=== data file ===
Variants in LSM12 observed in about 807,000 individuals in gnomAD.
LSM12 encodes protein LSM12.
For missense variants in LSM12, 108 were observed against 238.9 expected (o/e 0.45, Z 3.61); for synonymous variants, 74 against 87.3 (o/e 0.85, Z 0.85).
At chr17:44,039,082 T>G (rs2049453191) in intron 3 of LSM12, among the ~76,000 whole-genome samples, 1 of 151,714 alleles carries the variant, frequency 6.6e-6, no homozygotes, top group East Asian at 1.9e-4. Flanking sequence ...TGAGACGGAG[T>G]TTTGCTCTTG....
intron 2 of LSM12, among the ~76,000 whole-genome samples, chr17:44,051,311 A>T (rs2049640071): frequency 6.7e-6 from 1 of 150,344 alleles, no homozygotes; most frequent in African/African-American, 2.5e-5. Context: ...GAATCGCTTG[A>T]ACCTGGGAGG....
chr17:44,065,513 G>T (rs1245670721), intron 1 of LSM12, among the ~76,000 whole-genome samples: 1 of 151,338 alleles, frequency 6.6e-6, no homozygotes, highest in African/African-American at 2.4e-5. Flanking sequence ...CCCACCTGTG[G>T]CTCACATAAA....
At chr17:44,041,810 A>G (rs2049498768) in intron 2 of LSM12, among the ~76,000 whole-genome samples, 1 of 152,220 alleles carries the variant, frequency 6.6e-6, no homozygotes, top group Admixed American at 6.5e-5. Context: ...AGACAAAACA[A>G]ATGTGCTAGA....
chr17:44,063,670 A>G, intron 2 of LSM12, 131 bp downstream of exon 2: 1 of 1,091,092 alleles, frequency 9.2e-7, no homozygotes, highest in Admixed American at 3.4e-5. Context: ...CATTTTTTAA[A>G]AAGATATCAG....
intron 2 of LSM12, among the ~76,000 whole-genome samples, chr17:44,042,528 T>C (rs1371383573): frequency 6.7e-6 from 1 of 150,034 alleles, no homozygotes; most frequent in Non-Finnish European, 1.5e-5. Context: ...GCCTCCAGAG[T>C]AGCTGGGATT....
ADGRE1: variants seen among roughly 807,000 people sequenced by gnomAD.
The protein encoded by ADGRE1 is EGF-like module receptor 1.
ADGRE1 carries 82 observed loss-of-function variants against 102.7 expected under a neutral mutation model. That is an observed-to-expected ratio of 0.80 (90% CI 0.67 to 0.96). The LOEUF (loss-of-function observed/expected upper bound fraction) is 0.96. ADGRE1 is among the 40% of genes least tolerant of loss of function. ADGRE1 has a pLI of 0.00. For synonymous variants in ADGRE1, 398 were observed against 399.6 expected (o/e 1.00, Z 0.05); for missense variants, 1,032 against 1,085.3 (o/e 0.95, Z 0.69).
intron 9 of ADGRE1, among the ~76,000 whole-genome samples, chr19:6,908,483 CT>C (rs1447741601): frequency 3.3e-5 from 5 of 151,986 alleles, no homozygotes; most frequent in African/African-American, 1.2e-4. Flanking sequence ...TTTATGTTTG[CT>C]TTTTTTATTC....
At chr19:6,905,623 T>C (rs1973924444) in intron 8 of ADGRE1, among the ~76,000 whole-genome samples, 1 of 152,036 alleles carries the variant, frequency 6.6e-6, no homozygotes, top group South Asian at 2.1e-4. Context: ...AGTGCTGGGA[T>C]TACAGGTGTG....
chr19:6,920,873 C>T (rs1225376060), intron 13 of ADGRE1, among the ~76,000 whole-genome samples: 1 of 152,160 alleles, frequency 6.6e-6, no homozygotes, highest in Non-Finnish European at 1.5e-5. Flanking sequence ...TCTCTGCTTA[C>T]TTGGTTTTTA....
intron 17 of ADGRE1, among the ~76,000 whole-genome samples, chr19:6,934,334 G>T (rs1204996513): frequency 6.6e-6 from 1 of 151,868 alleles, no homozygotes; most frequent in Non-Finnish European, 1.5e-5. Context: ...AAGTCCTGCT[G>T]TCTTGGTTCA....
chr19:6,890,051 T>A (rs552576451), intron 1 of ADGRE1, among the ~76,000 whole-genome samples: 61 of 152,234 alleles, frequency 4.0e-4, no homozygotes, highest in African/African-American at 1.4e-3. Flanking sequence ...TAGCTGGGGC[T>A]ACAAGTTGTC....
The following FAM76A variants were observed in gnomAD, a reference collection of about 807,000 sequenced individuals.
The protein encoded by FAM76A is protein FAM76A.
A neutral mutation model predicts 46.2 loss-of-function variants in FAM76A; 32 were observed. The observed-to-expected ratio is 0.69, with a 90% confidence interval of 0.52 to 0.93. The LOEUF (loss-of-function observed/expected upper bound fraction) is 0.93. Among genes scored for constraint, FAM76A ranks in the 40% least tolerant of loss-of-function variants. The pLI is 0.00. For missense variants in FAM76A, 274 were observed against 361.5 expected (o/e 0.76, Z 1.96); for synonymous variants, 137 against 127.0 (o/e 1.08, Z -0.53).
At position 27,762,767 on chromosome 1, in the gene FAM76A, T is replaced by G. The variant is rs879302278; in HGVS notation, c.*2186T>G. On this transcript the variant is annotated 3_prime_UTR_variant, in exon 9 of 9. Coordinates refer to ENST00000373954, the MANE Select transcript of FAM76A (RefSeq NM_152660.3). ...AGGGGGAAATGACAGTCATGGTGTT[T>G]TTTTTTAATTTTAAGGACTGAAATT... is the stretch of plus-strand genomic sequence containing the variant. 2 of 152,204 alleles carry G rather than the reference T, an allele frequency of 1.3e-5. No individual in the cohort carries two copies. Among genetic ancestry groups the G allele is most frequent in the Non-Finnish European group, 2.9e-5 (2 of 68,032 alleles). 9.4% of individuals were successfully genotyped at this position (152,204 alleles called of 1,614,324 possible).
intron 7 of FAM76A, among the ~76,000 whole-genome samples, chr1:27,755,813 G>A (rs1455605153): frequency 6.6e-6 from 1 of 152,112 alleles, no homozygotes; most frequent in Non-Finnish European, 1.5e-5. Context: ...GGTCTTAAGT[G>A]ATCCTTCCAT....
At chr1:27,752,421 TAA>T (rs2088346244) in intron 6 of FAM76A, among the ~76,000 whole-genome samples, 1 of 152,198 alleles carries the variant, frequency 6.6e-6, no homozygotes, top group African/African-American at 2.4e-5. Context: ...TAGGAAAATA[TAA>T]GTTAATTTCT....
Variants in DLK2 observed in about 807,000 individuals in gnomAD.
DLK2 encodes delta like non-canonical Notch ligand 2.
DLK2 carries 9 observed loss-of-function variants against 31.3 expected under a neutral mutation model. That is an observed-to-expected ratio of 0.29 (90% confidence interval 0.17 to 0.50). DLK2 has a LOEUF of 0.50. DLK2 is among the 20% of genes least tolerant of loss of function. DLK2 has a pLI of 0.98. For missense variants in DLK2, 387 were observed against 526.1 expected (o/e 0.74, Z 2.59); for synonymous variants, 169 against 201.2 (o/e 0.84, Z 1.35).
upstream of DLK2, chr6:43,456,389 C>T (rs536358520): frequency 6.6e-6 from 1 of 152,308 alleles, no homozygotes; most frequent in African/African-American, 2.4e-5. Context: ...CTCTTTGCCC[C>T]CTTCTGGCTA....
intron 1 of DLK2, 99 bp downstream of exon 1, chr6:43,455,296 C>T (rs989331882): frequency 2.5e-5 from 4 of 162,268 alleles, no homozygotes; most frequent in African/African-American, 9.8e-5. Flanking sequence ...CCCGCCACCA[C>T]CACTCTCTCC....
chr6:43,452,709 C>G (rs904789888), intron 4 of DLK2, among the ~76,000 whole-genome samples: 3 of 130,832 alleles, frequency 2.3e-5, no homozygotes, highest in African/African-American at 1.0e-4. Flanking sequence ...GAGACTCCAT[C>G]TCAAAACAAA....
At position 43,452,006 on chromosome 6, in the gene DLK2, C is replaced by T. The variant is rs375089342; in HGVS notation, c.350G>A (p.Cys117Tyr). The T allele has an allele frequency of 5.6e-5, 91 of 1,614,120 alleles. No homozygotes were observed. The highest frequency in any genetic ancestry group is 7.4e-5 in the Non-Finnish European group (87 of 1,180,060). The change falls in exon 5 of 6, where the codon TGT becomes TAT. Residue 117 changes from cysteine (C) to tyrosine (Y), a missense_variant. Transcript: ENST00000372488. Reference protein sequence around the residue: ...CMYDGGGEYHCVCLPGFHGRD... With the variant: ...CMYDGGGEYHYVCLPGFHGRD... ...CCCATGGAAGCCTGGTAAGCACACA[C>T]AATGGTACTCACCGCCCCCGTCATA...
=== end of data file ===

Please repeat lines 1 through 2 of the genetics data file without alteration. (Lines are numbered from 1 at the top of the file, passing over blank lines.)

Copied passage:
Variants in LSM12 observed in about 807,000 individuals in gnomAD.
LSM12 encodes protein LSM12.